And as my last year of university came to a close, and simultaneously so did my last relationship, I found comfort in focusing my attention on the computer because it meant I didn’t have to think about all the crappy stuff going on in my life at the time. It was a distraction and it became an instant wall between my ex-boyfriend and I when we lived together.
I didn’t want to talk, fight, clean up after him, open the mail, cook or do anything else that was an extension of our relationship. I wanted to ignore it all, so I did.
When I arrived at my dad’s last April, I didn’t really like anything about my life there either – I had grown distant from my family after four years away from school, my dad’s girlfriend had moved in, there was nothing to do in that town and none of my friends were there anymore – so, once again, I ignored all that in favour of the Internet. I sometimes worked all day and night. I read dozens of blog articles every day. I watched hours of TV online. Sure, I got out now and then, but not enough.
So, I finally realized that I had left one unhealthy situation for another and I needed to get out. Financially, I probably wasn’t ready, but I knew I could get by, so I moved to Toronto Sept. 1.
Four months later, I still don’t have Internet access at my apartment. I’ve found many reasons to justify it – Canadian telecom providers suck, I’m on the Internet at work anyway, I don’t want to be stuck on a computer all night after I’ve been sitting at one all day, etc. – but it’s starting to creep up on me. Sure, I have email and Internet access on my BlackBerry, but it’s not the same.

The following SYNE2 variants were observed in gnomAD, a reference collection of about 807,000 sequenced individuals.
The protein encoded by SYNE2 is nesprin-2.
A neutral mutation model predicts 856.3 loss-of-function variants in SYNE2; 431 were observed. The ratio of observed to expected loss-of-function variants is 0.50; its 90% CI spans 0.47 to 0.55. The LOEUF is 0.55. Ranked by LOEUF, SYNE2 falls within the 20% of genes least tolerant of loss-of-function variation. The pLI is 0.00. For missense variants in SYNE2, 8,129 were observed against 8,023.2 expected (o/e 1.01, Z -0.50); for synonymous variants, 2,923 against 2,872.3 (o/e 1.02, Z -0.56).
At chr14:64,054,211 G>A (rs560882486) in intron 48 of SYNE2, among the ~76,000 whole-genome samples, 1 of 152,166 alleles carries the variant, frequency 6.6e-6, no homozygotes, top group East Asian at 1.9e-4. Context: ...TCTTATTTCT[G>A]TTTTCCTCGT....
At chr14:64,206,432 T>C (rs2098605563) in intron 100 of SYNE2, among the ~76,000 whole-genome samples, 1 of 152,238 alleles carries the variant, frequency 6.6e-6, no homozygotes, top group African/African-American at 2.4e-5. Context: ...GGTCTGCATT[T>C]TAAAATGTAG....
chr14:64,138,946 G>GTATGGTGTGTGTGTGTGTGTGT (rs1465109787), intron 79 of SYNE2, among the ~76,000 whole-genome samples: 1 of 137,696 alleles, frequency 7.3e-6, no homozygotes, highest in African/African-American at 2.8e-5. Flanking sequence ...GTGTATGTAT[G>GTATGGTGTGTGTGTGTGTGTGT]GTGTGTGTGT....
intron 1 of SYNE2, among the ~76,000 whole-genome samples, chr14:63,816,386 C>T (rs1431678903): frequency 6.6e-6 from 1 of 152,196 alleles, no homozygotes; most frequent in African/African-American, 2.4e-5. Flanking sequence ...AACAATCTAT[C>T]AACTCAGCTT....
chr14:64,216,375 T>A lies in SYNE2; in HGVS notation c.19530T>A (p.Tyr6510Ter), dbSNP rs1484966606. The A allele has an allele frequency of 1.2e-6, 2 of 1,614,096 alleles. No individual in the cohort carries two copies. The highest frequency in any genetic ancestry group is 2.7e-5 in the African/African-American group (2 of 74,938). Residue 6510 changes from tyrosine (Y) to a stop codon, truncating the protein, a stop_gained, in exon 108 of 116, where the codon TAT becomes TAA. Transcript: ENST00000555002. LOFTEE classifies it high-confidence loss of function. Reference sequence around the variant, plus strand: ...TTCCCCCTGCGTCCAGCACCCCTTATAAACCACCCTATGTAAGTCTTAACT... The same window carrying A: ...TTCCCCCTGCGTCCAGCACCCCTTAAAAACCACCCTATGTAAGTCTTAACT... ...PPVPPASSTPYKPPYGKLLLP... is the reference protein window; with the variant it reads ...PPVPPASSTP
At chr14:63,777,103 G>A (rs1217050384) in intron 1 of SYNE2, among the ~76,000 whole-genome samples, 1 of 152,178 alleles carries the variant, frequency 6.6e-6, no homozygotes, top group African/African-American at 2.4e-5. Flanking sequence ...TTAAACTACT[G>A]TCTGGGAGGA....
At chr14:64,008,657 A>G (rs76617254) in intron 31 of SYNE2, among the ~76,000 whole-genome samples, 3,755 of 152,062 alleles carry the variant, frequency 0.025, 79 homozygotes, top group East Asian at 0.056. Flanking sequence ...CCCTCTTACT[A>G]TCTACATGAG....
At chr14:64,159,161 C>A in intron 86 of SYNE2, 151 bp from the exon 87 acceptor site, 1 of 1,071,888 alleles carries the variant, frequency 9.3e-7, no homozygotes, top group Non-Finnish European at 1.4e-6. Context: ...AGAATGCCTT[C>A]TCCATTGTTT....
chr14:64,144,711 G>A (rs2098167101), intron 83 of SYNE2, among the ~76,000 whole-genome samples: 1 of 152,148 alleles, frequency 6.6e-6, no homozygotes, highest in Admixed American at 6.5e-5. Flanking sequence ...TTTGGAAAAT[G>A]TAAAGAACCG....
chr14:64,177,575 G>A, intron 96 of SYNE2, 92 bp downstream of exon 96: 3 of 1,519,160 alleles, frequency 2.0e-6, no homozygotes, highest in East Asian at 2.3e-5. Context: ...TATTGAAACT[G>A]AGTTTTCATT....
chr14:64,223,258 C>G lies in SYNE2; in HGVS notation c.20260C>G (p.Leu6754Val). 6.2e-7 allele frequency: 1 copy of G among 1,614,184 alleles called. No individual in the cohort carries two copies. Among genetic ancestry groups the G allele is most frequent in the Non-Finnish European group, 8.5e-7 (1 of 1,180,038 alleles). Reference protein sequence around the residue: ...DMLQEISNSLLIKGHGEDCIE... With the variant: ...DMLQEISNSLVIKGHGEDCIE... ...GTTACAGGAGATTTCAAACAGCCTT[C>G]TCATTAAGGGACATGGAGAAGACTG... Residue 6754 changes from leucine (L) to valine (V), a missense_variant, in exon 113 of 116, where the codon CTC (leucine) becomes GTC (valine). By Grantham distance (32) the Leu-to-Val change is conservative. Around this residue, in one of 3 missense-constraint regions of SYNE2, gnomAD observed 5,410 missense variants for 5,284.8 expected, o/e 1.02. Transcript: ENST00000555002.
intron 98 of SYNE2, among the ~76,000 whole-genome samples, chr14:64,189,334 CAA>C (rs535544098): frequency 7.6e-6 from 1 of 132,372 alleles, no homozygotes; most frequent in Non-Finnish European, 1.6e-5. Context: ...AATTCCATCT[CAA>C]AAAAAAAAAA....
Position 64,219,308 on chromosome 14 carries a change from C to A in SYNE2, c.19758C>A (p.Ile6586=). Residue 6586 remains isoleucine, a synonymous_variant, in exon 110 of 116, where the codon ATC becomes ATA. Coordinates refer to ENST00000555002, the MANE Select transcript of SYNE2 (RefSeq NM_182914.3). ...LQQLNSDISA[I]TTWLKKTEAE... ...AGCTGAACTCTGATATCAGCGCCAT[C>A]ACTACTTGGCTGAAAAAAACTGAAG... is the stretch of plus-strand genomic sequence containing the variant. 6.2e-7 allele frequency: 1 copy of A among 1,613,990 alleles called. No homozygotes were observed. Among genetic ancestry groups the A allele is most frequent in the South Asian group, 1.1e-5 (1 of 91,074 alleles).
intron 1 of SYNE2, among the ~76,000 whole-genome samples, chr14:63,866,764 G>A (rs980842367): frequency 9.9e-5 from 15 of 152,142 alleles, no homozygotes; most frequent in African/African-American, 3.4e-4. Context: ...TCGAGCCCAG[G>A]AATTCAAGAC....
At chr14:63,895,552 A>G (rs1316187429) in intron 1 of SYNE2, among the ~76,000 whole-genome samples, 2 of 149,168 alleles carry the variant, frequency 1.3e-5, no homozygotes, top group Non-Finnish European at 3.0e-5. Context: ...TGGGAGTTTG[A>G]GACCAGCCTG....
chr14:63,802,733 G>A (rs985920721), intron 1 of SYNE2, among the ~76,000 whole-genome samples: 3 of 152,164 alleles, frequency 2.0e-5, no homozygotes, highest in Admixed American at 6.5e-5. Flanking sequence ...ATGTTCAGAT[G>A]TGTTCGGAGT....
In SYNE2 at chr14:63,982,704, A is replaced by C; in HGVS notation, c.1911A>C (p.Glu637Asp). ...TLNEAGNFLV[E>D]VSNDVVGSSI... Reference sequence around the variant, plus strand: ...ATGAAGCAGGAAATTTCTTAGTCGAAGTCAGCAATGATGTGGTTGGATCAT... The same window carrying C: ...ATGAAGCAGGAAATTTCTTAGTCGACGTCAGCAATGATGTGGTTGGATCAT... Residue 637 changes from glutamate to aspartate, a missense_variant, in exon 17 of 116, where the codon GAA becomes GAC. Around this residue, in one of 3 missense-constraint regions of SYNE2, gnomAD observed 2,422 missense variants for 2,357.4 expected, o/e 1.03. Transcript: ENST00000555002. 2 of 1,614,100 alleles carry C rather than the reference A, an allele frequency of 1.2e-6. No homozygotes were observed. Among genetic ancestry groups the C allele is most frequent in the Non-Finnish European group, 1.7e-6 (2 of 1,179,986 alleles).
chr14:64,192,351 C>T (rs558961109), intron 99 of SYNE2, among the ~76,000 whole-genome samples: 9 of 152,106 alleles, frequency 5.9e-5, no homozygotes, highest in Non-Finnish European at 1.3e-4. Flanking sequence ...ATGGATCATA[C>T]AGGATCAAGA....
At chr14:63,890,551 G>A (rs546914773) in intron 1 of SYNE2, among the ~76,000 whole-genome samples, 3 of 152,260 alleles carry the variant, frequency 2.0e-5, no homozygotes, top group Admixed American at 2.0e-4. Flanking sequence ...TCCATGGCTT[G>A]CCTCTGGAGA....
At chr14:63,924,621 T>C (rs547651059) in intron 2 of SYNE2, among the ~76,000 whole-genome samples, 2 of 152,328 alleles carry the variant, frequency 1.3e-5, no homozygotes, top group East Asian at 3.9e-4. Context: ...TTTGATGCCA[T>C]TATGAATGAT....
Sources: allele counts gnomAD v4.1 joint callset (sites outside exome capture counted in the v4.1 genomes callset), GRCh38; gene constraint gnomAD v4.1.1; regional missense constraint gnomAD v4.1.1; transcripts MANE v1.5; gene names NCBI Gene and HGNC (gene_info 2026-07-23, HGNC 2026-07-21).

Sometimes I don’t leave work until 7 or 8 p.m. because there are things I still want to do. I’ve marked as read countless undoubtedly interesting blog articles in my Google Reader because I can’t spend my workdays catching up. I mostly forget about Twitter and Facebook in the evenings and on weekends. Until recently when I finally got a TV again, I’d mostly replaced TV shows and movies with podcasts I download at work and listen to at home.
The truth is, this extreme hasn’t felt right either, so now I’m itching to connect again, but I’m kind of scared at the same time. What if there is only one extreme or the other for me? Only being connected all the time or not being connected?
How do you balance staying involved online with staying involved in the rest of life?
P.S. Any testimonials for an excellent Internet service provider in Toronto that isn’t Bell or Rogers?